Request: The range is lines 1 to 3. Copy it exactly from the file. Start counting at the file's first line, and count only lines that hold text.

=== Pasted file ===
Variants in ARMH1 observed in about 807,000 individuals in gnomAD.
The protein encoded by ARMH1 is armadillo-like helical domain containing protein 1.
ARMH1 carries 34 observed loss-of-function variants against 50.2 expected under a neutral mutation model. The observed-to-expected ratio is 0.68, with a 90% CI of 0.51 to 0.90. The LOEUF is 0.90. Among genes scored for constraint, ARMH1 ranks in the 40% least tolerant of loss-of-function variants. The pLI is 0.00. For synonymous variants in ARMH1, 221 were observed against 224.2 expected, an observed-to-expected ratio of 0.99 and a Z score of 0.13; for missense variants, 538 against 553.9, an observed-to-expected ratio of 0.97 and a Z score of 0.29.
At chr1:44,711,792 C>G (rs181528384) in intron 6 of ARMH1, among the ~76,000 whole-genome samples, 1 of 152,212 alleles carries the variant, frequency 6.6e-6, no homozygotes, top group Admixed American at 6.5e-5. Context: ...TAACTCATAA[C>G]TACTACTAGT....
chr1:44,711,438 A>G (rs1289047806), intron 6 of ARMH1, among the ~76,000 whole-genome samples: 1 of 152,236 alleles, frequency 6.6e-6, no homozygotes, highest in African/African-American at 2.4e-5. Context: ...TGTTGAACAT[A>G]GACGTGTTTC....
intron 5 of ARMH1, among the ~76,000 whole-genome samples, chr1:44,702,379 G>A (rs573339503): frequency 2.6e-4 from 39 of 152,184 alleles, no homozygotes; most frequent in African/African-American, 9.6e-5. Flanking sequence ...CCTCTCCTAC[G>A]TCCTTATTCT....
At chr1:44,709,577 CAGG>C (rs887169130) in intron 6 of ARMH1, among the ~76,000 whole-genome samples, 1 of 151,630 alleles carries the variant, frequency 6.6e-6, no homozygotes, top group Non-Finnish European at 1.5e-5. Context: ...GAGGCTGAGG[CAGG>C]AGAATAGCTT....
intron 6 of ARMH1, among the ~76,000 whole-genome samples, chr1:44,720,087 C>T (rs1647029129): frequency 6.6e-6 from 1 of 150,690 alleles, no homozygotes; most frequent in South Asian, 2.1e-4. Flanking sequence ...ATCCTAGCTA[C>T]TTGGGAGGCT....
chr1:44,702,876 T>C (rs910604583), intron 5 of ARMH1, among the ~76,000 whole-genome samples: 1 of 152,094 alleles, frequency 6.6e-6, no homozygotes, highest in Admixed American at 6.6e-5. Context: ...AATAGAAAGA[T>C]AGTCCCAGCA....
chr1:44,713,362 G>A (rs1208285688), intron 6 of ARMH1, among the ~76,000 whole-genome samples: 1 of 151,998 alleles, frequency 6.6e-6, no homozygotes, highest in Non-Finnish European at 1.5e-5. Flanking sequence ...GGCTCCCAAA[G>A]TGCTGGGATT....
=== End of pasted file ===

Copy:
Variants in ARMH1 observed in about 807,000 individuals in gnomAD.
The protein encoded by ARMH1 is armadillo-like helical domain containing protein 1.
ARMH1 carries 34 observed loss-of-function variants against 50.2 expected under a neutral mutation model. The observed-to-expected ratio is 0.68, with a 90% CI of 0.51 to 0.90. The LOEUF is 0.90. Among genes scored for constraint, ARMH1 ranks in the 40% least tolerant of loss-of-function variants. The pLI is 0.00. For synonymous variants in ARMH1, 221 were observed against 224.2 expected, an observed-to-expected ratio of 0.99 and a Z score of 0.13; for missense variants, 538 against 553.9, an observed-to-expected ratio of 0.97 and a Z score of 0.29.